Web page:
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Generic prescribing in general practice

Davey, Nicola Jane; (1996) Generic prescribing in general practice. Masters thesis (M.Phil), UCL (University College London). Green open access

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The study highlights the need to design new prescribing initiatives to realise remaining savings from generics. This presents a particular challenge: In the absence of demonstrable economic benefits e.g. money released to pay for other treatments, or clinical benefits (for which the evidence is sparse) the advantages of generic prescribing are less easy to promote to GPs already overloaded with information and demands on their time. The generic prescribing rate in General Practice in the UK increased from 41% in 1991 to 47% in 1993. Despite this large variation remains in the generic rate at Regional, Family Health Service Authority (FHSA) and practice levels. In marked contrast to the detailed information on generic prescribing rate, information on actual and potential savings are not routinely available. In this thesis a new measure of generic prescribing performance was developed to identify practices where substantial generic savings could be achieved. In addition the relationship between practice characteristics and generic savings potential was examined in order to identify practice characteristics associated with both high and low generic savings profiles. The generic rate was found to be significantly but only weakly correlated with generic savings potential and six practice characteristics were found to explain 65 % of the variation in generic savings at practice level. Practices with a larger number of partners, a lower generic rate, a higher patient per doctor ratio, a higher proportion of patients over 65, higher prescribing costs and no computer were associated with higher generic savings potential. Total quarterly generic savings potential for 21 products in the FHSA studied were £146,000, suggesting annual savings of £584,000. The ability to measure and monitor generic savings for individual practices on a regular basis and compare with information on practice profiles could enable prescribing advisers to design and target generic prescribing initiatives more accurately, and to reject initiatives that are not cost effective.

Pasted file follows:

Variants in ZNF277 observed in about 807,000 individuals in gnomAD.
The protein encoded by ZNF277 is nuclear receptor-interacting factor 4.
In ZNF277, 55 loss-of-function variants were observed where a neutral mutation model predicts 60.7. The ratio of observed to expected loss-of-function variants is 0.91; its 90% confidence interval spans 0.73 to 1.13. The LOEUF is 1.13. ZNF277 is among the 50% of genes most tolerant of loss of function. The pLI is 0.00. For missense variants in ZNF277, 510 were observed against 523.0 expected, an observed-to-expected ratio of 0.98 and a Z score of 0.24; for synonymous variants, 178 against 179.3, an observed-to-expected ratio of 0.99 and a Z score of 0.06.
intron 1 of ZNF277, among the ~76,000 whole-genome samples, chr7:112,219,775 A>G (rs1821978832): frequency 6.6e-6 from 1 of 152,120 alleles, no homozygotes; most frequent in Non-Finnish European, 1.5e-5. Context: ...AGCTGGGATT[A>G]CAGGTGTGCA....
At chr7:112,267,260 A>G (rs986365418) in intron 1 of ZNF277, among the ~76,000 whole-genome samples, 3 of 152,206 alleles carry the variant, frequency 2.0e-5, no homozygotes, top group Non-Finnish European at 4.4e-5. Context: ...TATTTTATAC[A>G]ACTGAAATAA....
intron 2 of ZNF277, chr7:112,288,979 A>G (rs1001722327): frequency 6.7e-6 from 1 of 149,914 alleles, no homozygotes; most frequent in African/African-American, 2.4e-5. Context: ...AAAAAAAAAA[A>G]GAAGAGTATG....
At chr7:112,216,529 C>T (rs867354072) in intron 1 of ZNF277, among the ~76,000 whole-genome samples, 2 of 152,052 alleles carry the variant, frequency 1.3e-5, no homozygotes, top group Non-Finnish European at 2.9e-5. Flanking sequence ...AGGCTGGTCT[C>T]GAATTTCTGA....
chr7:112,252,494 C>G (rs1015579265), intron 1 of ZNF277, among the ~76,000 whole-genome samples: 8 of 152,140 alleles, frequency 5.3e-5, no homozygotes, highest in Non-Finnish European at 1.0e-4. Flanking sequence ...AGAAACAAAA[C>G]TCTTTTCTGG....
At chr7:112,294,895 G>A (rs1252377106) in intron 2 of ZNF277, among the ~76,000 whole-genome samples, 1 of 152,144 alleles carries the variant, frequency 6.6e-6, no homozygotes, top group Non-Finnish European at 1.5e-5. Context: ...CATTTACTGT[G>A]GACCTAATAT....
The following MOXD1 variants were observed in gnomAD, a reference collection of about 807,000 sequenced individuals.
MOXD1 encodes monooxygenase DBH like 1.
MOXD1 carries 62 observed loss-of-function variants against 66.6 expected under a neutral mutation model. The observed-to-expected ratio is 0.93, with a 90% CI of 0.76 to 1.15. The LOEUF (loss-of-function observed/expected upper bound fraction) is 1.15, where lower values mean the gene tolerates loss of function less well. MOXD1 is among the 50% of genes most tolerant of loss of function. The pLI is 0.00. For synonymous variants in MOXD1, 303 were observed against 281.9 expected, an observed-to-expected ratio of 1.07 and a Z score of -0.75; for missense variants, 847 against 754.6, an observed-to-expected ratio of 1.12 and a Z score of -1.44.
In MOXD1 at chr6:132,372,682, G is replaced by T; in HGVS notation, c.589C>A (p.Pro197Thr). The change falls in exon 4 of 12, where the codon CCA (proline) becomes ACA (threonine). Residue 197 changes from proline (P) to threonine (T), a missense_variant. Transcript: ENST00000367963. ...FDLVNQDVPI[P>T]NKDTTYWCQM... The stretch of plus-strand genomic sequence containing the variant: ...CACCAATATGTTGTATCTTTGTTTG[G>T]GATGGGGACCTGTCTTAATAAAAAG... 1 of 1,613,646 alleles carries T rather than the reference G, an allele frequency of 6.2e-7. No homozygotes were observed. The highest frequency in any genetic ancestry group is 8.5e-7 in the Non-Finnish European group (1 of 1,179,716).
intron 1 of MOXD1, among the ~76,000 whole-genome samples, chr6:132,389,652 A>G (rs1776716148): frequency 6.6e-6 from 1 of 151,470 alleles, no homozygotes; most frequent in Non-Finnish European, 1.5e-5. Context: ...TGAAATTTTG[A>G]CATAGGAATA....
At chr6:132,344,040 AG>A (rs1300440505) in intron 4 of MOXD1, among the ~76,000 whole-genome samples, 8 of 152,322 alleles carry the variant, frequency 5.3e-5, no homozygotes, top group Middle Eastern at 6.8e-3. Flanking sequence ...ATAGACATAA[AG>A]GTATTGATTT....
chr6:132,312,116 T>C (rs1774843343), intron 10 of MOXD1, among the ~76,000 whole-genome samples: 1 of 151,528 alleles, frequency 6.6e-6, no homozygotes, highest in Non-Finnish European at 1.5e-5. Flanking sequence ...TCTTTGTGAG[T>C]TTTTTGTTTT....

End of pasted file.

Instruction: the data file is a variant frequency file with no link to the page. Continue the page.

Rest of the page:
Type: Thesis (Masters)
Qualification: M.Phil
Title: Generic prescribing in general practice
Open access status: An open access version is available from UCL Discovery
Language: English
Additional information: Thesis digitised by ProQuest.
Keywords: Health and environmental sciences; Generic; Practice; Prescribing
URI: https://discovery.ucl.ac.uk/id/eprint/10104939
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